# Vector and scalar potentials of plane wave

Consider a simplest 3D solution of Maxwell's equations: $$\vec B=\vec e_z \cos\left(\frac{2\pi}{\lambda}(ct-x)\right),$$ $$\vec E=\vec e_y\cos\left(\frac{2\pi}{\lambda}(ct-x)\right),$$

and propagation is in direction of $$\vec e_x$$.

I'd like to find some vector potential $$\vec A$$ and scalar potential $$\phi$$ for such wave. I've tried using known expression for static uniform magnetic field: $$\vec A=\vec e_y B x$$, which satisfies $$\vec B=\nabla\times \vec A$$ and multiplying it by the cosine factor: $$\vec A=\vec e_y B x\cos\left(\frac{2\pi}{\lambda}(ct-x)\right),$$ but despite it does satisfy $$\vec B=\nabla\times \vec A$$, it appears that I can't have correct result for $$\vec E=-\nabla\phi-\frac{\partial\vec A}{\partial t}$$ (at least if I use $$\phi=\mathrm{const}$$). Using another expression for static part of $$\vec A$$, $$\vec A=\frac{B}2\left(\vec e_y x-\vec e_x y\right)$$, gave even worse result. Seems either I use wrong expression for $$\vec A$$, or I have to add non-const $$\phi$$.

What would be the correct way of determining the potentials?

• Trial and error, plus remembering calculus (specifically the Leibniz rule that $\frac{d}{dx}\left[f(x)\cdot g(x)\right]=\frac{df}{dx}g+f\frac{dg}{dx}$ – Kyle Kanos Dec 28 '13 at 15:34
• Set $\phi = 0$ and $\mathbf A = -\mathbf e_y E_0/\Omega \sin (\Omega t - kx)$. This gives electric and magnetic field of plane wave. – Ján Lalinský Dec 28 '13 at 18:36

There are actually an infinite number of possible answers. The E- and B-field do not uniquely specify the potentials - you have gauge freedom. That is, you can specify some $$\vec{A}$$, $$\phi$$, which will give you $$\vec{E}$$ and $$\vec{B}$$, but you could equally add the gradient of any scalar function to $$\vec{A}$$ and subtract the time derivative of the same scalar function from $$\phi$$ and you would get the same result.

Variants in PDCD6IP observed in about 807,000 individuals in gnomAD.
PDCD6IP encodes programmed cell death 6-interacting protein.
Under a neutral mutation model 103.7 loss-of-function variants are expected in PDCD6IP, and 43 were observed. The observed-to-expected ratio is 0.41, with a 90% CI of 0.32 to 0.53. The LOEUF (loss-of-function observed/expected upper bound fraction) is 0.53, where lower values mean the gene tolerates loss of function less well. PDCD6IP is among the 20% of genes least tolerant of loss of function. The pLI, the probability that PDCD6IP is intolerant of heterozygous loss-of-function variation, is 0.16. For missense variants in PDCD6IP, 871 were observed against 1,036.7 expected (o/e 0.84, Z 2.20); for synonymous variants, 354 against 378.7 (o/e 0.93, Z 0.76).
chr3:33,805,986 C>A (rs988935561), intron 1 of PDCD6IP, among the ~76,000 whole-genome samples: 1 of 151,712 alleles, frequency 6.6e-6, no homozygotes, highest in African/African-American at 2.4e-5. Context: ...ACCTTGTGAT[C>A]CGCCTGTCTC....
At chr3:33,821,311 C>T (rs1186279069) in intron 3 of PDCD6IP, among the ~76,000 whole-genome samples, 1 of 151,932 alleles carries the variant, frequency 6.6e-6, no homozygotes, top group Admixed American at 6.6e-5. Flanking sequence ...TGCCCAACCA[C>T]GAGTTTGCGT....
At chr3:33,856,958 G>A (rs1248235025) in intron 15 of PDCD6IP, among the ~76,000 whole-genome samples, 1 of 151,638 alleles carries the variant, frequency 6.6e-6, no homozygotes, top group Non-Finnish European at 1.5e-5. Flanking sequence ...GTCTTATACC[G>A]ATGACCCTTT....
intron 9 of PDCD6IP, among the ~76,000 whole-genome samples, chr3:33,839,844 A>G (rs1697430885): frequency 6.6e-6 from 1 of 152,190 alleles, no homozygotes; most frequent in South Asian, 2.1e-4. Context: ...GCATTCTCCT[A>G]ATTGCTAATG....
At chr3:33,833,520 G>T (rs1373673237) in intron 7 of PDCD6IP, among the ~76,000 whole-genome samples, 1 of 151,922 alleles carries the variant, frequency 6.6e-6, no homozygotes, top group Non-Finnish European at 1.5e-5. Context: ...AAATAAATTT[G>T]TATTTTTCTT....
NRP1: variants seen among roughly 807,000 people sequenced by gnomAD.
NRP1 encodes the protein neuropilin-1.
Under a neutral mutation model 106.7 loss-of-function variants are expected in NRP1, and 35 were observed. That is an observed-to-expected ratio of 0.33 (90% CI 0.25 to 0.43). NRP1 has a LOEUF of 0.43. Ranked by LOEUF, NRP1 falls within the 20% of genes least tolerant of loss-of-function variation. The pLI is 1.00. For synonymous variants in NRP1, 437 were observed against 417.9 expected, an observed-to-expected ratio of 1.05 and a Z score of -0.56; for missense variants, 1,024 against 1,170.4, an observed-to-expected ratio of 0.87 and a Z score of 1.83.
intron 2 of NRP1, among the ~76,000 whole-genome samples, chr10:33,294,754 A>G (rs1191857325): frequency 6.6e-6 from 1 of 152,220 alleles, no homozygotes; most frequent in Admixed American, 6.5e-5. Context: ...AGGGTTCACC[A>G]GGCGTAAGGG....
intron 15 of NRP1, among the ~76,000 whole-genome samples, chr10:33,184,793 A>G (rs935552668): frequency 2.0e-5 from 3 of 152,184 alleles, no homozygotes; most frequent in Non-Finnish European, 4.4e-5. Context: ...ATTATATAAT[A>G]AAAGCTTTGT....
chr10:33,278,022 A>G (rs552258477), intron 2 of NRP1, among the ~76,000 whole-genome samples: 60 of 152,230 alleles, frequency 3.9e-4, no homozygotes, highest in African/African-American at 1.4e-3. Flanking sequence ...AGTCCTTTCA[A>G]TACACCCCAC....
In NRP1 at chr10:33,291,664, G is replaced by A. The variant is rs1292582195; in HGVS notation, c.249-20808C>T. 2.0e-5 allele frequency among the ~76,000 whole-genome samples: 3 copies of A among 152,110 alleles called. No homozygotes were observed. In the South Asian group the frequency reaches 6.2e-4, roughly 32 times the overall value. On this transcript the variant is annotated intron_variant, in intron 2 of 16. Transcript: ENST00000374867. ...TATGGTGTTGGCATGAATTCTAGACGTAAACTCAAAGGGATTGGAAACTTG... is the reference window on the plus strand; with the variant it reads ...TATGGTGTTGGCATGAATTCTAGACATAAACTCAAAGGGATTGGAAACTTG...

So you need to specify what gauge you are working in. Typically for a plane electromagnetic wave you would choose $$\phi=0$$ and then all you need to do is $$\vec{A} = -\int \vec{E}\ dt = -\vec{e}_y\frac{\lambda}{2\pi c}\sin\left(\frac{2\pi}{\lambda}(ct-x)\right) + \vec{A}_0(\vec{r}),$$ where $$\vec{A}_0$$ is some time-independent vector field with a zero curl (see below).
If you take the curl of this A-field you get $$\nabla \times \vec{A} = \vec{e}_k \frac{1}{c} \cos\left( \frac{2\pi}{\lambda}(ct-x)\right) + \nabla \times \vec{A}_0$$
This is (or should be) your magnetic field, providing that $$\vec{A}_0$$ is curl-free (or zero for convenience). I say should be, because judging from your expression for the E-field in terms of the potentials, you are using SI units. In which case the amplitude of the B-field should be $$c$$ times less than the E-field amplitude.
• @Ruslan I mean that you could choose $\phi$ to be anything you like. Typically, we choose zero. In other situations we might choose something else. – Rob Jeffries Mar 6 '16 at 14:25